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Helping Your Child To Read

Updated on January 26, 2012

When your child starts school, one of the most fundamental skills he or she will learn is the ability to read. Reading is perhaps the most fundamental aspect of education, in that your child needs to master it in order to be able to reach their full potential in other areas. For instance, if your child cannot read, then he/she will struggle with other work, in that they will not be able to read the task at hand, or properly research the answer. Writing may also be compromised, as children who read well very often spell well.

My child started school in the September after he turned four years. Personally, I did not really feel he was ready for it - I would have been perfectly content for him to wait for several more months. However, that was not an option, so he began school - he was very excited on his first day and ready to face life head on.

However, this jubilance did not last very long, especially after he quickly realised that 'big' school did not offer the same freedom of choice as preschool. And I have to say that the task he found the most difficult was reading. He would bring a book home every week and the idea was to read it with a parent. Of course, the books were very simplistic; mostly only one or two words on each page, to start with. There was no pressure at all, but some of the children in the class seemed to take to it like ducks to water.


I am of the belief that the simple crux of the problem was that his brain was just not ready for reading. I came to this conclusion after observing that, even if the same word ('the', for example) featured twice on the same page, he could not even recognise that the two words were identical. Something just hadn't clicked into place.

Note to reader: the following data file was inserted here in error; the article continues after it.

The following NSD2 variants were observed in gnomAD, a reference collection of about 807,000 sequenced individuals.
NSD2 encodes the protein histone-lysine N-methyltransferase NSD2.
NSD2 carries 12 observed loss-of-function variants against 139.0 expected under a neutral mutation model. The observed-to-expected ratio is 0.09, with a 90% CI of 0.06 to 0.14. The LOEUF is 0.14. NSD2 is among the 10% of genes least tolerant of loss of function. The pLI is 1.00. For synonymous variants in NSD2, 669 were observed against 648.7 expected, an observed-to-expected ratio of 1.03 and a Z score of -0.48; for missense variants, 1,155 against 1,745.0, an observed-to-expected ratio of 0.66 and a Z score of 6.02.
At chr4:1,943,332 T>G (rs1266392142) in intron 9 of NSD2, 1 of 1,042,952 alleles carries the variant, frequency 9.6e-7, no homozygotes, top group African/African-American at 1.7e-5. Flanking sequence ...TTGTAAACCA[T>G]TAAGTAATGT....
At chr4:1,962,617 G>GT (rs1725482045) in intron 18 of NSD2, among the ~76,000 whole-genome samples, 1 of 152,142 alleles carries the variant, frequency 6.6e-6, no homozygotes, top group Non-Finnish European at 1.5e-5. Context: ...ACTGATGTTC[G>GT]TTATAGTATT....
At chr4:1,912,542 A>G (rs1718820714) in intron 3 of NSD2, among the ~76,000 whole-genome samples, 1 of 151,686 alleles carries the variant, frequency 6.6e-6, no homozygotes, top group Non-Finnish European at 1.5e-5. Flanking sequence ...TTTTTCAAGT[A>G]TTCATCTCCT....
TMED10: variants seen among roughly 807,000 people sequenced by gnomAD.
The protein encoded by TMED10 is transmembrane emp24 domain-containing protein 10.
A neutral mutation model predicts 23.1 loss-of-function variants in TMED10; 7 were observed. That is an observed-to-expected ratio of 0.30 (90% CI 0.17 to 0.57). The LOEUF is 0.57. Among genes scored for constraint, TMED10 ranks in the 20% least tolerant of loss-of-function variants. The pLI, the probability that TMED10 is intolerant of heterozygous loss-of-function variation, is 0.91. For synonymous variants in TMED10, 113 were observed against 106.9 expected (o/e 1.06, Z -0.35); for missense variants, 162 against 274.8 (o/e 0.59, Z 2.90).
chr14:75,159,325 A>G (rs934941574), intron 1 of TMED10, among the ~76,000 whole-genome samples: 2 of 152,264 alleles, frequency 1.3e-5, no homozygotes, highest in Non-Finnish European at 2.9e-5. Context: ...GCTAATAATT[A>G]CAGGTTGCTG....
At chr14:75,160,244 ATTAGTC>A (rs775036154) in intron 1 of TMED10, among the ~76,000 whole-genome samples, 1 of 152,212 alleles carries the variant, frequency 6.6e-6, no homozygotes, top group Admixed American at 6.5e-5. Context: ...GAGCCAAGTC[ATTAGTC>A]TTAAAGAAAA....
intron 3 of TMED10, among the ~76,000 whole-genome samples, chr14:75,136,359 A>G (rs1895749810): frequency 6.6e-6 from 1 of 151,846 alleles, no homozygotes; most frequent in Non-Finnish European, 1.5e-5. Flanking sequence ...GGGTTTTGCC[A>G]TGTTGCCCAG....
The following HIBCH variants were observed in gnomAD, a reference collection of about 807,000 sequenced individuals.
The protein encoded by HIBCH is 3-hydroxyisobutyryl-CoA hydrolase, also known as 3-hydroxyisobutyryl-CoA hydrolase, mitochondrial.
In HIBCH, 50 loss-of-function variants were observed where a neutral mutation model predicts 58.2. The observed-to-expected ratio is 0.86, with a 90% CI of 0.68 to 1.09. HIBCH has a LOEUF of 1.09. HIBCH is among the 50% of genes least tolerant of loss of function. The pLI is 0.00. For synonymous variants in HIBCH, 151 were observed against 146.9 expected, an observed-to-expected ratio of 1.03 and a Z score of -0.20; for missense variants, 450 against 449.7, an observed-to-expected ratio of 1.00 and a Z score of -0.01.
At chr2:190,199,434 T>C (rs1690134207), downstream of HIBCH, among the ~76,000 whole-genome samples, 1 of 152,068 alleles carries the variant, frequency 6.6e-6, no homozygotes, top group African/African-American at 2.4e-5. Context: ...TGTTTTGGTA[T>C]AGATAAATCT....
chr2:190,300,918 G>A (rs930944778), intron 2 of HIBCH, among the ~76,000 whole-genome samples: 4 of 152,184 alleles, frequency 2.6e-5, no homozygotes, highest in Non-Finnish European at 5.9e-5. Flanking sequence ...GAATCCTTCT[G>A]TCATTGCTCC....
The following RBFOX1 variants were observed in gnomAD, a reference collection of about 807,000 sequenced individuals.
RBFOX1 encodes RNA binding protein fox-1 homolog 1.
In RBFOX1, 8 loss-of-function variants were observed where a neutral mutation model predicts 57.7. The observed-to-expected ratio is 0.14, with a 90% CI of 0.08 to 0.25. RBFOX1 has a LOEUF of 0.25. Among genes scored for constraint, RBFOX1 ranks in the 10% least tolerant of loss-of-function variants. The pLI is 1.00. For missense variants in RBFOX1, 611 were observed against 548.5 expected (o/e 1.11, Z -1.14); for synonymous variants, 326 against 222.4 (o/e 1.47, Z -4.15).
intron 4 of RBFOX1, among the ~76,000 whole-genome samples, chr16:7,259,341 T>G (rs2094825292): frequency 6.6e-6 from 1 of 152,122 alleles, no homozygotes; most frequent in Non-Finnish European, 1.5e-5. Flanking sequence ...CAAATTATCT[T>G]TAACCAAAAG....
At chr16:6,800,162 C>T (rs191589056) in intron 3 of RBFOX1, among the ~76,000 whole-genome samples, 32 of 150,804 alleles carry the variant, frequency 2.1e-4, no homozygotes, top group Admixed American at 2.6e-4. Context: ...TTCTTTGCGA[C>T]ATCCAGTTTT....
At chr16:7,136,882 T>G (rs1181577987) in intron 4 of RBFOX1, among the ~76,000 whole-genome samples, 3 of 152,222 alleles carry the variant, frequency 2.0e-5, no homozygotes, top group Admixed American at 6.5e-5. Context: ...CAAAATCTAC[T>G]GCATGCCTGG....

This was not something that bothered me because I was sure it was just because he was young. However, one year on and another school year later and he still hadn't improved very much. Now he could recognise and read some words (and knew when two were the same), but most of the class seemed streets ahead and much more enthusiastic.

My Solution

As an avid book lover myself, I remembered just how much enjoyment reading had given me as a child. My son found it nothing but a difficult chore and was very reluctant to even try. What's more, he didn't even enjoy the books he was bringing home - except for the Oxford Reading Tree series, about Kipper and Biff, etc. But the school didn't have many of those books, so I went out and bought my own. Sometimes you just have to take a hand in your child's learning yourself, if you want them to achieve their full potential.

Each evening, before I read him a bedtime story, I got him to read just a tiny little bit of one of the Oxford Reading Tree books. (Stage 1+ contains extremely simple sentences, the Stage 1 books contain only simple words. As my child had already been reading at school for some time, I felt he was ready for level 3 or 4.) At first it would only be a matter of a few words. Ten words at the most, perhaps, probably less. It's better to start off really, really slowly and spend just a very small about of time if your child is a reluctant reader, like mine was. My experience was, that if you ask for too much, your child reverts to his 'It's not fair, I can't do this,' attitude. Asking too much is often too daunting.  And that sets the grounds for a battle.  Remember, what you want to do is nuture the grounds for a love of reading so that your child will continue to read when he/she is older.

Where To Start

If your child has already been reading at school for a while, you may not want to start at Stage 1, or even Stage 2. In fact, I began by buying books from Stage 4, though my child had already brought some of the earlier books home from school. Stage 4 might sound rather advanced, but it isn't really. the sentences are still very simple and there are only between 5 -10 words on each page. To quote from 'The Storm', a Stage 4 book, one of the pages reads as follows: 'Biff looked outside. There was a storm.' I wanted to include this to give you a guide of which level to begin at - if your child is below this level then perhaps you could start with Stage 3, or even Stage 2. If you think your child is above this level, then begin at Stage 5, The Magic Key.